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Scene 4 Notes from Oedipus the King

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Oedipus the King Scene 4

Jocasta goes to the shrine of Apollo, with holy offerings, to pray for Oedipus and to ask the gods to rid Thebes of its pollution. Also, she asks for Oedipus to be less worried and agitated because it scares her, and all Thebans, when their leader is panic-stricken.

As she is doing this, a Corinthian enters and asks where he can find the Oedipus' palace. The elders answer that he is already there, and kind greetings are exchanged. The Corinthian then proceeds to tell Jocasta of the news he bears - that Polybus died a natural death, and the people of Isthmia want to make Oedipus ruler. Jocasta sends for Oedipus and instructs the Corinthian to inform him of the news. After this, Oedipus replies that unless his father died because he missed him too much, the oracles were incorrect. Jocasta agrees.

Topic Tracking: Fate 7

Now, Oedipus faces the fear of sharing his mother's bed, and refuses to return to Corinth as long as she lives.

Topic Tracking: Fate 8

When the Corinthian hears this, he asks him why he fears he will have sex with his mother, and Oedipus tells him what the prophet said. To this, the Corinthian says that Oedipus' fears are unfounded, as Polybus did not father him, nor did Merope give birth to him. The Corinthian then informs Oedipus that he was a gift to his parents, as they had no children; and that he was found in the bush in Mount Kithairon's valleys with his ankles tied together, and that he was given to this Corinthian by a different shepherd, who was one of Laios' herdsmen.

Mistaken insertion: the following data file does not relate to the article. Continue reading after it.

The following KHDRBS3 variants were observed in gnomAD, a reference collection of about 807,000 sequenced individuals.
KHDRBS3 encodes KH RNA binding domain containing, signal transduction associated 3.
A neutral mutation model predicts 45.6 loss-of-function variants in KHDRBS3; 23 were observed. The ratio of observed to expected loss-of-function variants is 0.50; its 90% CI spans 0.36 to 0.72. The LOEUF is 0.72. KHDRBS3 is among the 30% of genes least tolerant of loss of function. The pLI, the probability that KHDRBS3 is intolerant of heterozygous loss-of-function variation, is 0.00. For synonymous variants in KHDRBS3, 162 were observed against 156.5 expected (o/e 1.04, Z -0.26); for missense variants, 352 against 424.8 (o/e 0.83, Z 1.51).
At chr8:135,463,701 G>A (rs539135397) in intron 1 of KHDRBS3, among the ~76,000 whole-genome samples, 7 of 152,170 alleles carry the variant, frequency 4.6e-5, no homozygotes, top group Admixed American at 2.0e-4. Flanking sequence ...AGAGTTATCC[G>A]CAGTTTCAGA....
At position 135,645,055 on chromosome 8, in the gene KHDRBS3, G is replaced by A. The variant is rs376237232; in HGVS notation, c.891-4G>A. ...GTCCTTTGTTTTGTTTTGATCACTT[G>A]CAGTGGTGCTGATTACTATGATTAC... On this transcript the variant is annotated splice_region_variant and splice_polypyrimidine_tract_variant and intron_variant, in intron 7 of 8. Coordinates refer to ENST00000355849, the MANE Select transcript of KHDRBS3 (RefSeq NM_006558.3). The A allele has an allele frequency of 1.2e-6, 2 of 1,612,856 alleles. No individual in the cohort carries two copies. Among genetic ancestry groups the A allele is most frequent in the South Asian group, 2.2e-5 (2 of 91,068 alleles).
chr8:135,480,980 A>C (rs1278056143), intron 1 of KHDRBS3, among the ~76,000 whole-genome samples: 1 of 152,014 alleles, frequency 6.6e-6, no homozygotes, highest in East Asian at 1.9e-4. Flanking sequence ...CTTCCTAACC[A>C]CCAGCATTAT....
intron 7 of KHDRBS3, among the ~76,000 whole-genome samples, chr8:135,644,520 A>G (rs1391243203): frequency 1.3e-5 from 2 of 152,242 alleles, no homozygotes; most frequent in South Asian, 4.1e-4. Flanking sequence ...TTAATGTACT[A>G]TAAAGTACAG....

Topic Tracking: Fate 9

Oedipus immediately summons for this herdsman, whom people say is the same servant he has already summoned for. Jocasta now steps in and begs Oedipus not to pursue this; however he has come so close to finding out who he is that he is not ready to let it go. After calling him an 'unlucky man', and begging him not to pursue this matter, Jocasta says to Oedipus that he is a 'poor, poor man'. Although the elders recognize Jocasta's grief, Oedipus thinks that she is upset because she is about to learn that he comes from no distinguished breed. Oedipus insists he wants to learn about his kin.

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